Cute, right?   ...Lately, he’s been absolutely incorrigible.   He not only turned 15 without my permission, he also grew about seven inches overnight (he’s as tall as Bill now, plus or minus that ½ inch that kicks in when one of them remembers to stand up straight) and he can do more pull-ups than me. 

Besides the physical aging, he’s been regularly ticking off the family “rites of passage” with annoying efficiency.  He acquired a stinging sense of humor over the summer,  a love for books that hit him on a slightly deeper level than Harry Potter, a desire to discuss them, and a knack for one of my new favorite games, “Find the Heresy!” in whatever sermon, lesson or song we are listening to together. 

I’ve been homeschooling him for the past three years for his sixth, seventh and eigth grades.  I do this because middle school is miserable, and as a friend of mine pointed out once, “I want my kid to be in a safe place for a few more years.”   …Yup.  Besides, I enjoy my kids.  We laugh together all the time.  They are every bit as fun as the people I knew in college with an additional bonus; I can send them to time-out if they get annoying. 

Homeschooling is so much fun, as a matter of fact, that when I realized middle school was over and I was about to send my baby into packs of howling wolves, I tried to talk him into hanging with me for a while longer.  I told him what he was about to face: early mornings, bus rides, annoying teachers, belittling peers, etc. etc.  Then I made my pitch and said, “So, I could always homeschool you for a few more years.  There’s no reason to rush things!”  He merely paused the video game, turned toward me and said, “A person can only take so much of you, mother.”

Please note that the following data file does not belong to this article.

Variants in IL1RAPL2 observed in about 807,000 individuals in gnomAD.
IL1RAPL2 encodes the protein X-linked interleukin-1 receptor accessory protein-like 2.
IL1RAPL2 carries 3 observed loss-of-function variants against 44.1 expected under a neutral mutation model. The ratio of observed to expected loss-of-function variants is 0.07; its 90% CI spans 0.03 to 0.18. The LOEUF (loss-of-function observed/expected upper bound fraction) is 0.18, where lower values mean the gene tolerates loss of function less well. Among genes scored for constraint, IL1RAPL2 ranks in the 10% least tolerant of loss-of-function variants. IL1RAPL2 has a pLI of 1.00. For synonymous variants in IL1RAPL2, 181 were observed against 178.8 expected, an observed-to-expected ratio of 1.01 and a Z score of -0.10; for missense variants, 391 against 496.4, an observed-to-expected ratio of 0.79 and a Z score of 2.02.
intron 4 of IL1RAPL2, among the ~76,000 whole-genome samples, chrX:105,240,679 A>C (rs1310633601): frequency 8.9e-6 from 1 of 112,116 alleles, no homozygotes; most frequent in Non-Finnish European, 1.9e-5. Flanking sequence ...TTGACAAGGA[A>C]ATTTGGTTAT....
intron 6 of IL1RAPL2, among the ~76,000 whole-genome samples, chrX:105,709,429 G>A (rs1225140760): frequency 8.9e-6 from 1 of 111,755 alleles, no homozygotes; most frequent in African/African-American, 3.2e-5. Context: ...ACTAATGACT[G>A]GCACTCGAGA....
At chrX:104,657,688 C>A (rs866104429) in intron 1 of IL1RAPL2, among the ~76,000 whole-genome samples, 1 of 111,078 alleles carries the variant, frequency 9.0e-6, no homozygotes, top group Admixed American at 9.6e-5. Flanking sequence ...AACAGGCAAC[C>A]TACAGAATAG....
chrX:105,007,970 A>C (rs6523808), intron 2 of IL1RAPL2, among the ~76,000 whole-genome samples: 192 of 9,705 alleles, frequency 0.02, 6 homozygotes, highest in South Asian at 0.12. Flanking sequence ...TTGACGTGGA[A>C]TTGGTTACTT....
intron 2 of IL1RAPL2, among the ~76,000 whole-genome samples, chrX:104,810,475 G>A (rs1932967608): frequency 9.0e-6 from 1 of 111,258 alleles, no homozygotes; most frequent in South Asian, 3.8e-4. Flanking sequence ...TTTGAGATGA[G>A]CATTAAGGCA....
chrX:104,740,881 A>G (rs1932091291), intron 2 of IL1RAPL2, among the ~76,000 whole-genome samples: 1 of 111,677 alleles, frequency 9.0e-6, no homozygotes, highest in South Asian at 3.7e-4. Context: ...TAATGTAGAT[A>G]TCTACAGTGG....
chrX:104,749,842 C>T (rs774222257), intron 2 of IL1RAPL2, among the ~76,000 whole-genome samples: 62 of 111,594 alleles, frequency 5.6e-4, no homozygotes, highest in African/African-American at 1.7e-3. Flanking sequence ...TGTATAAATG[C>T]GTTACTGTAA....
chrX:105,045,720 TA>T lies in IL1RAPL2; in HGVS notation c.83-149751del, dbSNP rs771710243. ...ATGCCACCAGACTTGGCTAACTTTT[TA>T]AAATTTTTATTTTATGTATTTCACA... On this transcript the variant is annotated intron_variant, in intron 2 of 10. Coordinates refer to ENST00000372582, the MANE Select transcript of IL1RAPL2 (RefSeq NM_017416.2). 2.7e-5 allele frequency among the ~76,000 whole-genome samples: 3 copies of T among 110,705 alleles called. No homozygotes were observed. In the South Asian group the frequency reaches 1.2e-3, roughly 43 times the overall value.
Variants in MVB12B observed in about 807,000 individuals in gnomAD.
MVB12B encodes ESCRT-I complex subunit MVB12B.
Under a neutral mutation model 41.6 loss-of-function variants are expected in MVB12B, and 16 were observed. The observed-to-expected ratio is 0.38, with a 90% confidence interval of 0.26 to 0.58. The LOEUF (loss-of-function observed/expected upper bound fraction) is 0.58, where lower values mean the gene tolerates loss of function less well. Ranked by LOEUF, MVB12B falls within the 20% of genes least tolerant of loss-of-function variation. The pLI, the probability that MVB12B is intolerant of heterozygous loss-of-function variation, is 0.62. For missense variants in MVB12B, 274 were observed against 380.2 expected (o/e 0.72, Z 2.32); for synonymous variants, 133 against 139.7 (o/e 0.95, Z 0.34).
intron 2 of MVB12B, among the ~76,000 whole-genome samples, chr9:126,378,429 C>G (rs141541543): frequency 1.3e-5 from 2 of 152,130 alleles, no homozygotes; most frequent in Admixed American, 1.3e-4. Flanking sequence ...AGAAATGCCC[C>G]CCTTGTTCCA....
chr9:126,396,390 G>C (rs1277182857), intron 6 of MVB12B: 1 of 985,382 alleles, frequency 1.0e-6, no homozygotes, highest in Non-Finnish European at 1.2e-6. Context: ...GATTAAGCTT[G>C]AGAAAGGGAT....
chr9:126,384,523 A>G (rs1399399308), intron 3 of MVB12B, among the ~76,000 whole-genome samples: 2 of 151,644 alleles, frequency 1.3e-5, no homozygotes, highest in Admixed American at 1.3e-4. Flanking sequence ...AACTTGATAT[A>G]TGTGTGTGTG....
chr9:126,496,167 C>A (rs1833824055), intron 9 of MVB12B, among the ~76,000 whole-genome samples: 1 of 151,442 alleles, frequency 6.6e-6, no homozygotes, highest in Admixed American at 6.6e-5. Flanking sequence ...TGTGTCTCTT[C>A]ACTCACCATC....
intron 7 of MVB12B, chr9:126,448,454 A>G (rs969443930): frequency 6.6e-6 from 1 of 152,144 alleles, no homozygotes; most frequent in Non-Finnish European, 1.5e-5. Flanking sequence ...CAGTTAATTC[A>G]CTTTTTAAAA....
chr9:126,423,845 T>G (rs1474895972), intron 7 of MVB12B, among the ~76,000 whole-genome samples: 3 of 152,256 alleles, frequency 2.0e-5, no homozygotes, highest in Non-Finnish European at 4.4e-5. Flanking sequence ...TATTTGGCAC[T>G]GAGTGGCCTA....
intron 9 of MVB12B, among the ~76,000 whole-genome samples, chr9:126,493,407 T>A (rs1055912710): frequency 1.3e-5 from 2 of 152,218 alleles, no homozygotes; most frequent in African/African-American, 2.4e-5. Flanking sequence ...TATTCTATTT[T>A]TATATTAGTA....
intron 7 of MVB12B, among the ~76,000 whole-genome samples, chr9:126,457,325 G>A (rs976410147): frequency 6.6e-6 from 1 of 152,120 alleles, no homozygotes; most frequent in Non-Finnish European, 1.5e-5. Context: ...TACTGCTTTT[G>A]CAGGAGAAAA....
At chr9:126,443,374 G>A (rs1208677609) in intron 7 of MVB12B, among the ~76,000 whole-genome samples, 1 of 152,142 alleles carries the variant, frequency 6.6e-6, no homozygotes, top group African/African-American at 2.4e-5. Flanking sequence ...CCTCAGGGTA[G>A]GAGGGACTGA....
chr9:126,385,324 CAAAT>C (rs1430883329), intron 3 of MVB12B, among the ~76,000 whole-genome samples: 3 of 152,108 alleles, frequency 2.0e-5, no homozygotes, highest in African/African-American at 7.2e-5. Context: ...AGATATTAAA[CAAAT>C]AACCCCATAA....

I’m going to miss him! 

I realized though, that, since I was about to send him into a cess-pool of danger and sin, I needed to prepare him for what awaits.  After the self defense courses, installation of the iris-cam, and memorizing the Bible from cover to cover, my next step was to give him an article from The Art of Manliness (love that blog) about how to make conversation.